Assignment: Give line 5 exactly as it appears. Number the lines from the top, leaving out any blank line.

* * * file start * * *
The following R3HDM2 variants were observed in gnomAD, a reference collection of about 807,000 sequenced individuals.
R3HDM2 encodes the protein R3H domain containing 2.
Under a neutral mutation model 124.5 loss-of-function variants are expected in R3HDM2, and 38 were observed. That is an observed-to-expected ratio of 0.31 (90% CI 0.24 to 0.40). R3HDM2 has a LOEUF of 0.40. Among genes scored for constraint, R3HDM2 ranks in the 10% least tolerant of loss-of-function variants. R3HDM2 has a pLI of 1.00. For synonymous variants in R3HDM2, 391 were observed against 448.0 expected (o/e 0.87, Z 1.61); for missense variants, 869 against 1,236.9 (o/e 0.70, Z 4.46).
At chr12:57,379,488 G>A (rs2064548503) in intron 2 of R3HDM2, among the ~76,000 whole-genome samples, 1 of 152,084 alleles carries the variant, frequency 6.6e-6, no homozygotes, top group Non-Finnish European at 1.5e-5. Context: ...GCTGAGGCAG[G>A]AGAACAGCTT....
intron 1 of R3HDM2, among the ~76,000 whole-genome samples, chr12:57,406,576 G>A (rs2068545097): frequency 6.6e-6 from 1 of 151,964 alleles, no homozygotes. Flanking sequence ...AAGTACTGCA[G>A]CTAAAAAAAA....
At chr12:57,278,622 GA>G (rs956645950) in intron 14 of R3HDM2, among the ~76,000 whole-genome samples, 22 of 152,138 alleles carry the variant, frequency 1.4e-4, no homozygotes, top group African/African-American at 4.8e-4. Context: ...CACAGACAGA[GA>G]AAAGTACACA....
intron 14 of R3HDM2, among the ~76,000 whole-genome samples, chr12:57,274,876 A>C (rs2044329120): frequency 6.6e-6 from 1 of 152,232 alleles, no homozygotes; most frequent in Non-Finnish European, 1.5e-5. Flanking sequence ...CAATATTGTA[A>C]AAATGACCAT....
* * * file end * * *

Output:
intron 1 of R3HDM2, among the ~76,000 whole-genome samples, chr12:57,406,576 G>A (rs2068545097): frequency 6.6e-6 from 1 of 151,964 alleles, no homozygotes. Flanking sequence ...AAGTACTGCA[G>A]CTAAAAAAAA....